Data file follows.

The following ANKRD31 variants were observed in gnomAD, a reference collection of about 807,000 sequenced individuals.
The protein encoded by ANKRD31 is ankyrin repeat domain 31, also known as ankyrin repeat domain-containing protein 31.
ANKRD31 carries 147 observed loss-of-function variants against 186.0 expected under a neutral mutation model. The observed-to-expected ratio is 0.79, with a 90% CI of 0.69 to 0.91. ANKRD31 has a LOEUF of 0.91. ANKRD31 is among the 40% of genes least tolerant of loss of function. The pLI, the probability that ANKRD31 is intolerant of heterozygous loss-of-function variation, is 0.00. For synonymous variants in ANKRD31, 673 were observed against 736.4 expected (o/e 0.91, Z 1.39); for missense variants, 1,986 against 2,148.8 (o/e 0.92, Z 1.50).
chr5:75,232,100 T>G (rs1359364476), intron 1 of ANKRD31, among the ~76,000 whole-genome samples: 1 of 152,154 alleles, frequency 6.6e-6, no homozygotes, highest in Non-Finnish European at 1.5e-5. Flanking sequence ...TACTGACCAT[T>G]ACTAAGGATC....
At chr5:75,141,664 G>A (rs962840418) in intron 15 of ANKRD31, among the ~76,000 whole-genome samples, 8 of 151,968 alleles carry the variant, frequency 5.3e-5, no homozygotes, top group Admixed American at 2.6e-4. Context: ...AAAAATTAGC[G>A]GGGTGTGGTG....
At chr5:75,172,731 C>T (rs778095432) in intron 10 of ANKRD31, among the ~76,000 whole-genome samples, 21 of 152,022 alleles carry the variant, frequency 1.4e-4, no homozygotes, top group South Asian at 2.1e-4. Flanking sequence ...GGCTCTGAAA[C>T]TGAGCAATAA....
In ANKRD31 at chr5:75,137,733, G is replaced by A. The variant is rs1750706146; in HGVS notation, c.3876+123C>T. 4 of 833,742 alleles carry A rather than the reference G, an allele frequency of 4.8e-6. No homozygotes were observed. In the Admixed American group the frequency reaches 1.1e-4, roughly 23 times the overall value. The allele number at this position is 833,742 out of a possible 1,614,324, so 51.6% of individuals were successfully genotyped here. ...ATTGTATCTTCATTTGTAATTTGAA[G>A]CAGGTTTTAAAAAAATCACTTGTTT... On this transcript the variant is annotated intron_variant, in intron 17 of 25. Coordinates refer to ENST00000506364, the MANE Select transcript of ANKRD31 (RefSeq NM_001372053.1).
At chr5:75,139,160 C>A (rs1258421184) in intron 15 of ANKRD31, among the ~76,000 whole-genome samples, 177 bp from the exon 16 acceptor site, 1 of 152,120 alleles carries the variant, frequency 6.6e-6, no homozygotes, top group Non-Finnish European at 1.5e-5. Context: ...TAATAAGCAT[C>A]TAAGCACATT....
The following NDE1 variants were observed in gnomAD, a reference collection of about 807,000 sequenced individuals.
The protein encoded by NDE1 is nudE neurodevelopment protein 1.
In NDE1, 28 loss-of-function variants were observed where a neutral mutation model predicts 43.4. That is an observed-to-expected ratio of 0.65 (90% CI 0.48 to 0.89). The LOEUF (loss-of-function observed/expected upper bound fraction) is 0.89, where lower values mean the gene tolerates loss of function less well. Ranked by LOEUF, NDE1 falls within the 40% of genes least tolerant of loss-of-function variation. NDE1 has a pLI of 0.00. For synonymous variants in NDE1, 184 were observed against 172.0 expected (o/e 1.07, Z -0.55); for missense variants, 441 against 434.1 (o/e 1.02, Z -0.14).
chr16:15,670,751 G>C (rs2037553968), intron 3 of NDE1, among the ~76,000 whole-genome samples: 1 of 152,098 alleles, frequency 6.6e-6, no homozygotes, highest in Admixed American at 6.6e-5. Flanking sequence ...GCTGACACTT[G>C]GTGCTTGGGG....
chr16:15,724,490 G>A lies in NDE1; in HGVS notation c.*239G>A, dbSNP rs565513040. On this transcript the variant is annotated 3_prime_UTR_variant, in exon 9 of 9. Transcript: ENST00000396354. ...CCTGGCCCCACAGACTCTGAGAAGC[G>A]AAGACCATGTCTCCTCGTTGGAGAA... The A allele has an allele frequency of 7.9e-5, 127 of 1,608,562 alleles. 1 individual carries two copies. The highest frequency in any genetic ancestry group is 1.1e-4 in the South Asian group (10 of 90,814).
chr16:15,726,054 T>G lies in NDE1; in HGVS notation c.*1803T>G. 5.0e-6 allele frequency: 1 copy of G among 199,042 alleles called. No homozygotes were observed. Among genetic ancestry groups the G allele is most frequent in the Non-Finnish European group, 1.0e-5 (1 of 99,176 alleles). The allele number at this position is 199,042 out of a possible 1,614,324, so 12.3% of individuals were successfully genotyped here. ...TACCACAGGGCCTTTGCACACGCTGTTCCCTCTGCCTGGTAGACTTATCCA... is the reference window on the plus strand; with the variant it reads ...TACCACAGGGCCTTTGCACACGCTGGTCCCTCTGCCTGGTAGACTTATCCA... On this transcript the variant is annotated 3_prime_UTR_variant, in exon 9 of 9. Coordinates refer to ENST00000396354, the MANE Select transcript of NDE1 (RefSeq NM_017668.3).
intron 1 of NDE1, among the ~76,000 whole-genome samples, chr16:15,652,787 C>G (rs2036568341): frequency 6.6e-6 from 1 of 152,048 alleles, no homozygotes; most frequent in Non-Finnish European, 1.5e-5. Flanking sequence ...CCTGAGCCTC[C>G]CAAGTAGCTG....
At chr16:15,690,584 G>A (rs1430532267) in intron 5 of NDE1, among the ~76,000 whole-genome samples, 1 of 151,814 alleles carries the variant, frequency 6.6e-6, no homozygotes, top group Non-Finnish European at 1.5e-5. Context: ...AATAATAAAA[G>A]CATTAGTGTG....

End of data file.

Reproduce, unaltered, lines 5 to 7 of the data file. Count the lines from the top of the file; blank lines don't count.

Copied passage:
At chr5:75,141,664 G>A (rs962840418) in intron 15 of ANKRD31, among the ~76,000 whole-genome samples, 8 of 151,968 alleles carry the variant, frequency 5.3e-5, no homozygotes, top group Admixed American at 2.6e-4. Context: ...AAAAATTAGC[G>A]GGGTGTGGTG....
At chr5:75,172,731 C>T (rs778095432) in intron 10 of ANKRD31, among the ~76,000 whole-genome samples, 21 of 152,022 alleles carry the variant, frequency 1.4e-4, no homozygotes, top group South Asian at 2.1e-4. Flanking sequence ...GGCTCTGAAA[C>T]TGAGCAATAA....
In ANKRD31 at chr5:75,137,733, G is replaced by A. The variant is rs1750706146; in HGVS notation, c.3876+123C>T. 4 of 833,742 alleles carry A rather than the reference G, an allele frequency of 4.8e-6. No homozygotes were observed. In the Admixed American group the frequency reaches 1.1e-4, roughly 23 times the overall value. The allele number at this position is 833,742 out of a possible 1,614,324, so 51.6% of individuals were successfully genotyped here. ...ATTGTATCTTCATTTGTAATTTGAA[G>A]CAGGTTTTAAAAAAATCACTTGTTT... On this transcript the variant is annotated intron_variant, in intron 17 of 25. Coordinates refer to ENST00000506364, the MANE Select transcript of ANKRD31 (RefSeq NM_001372053.1).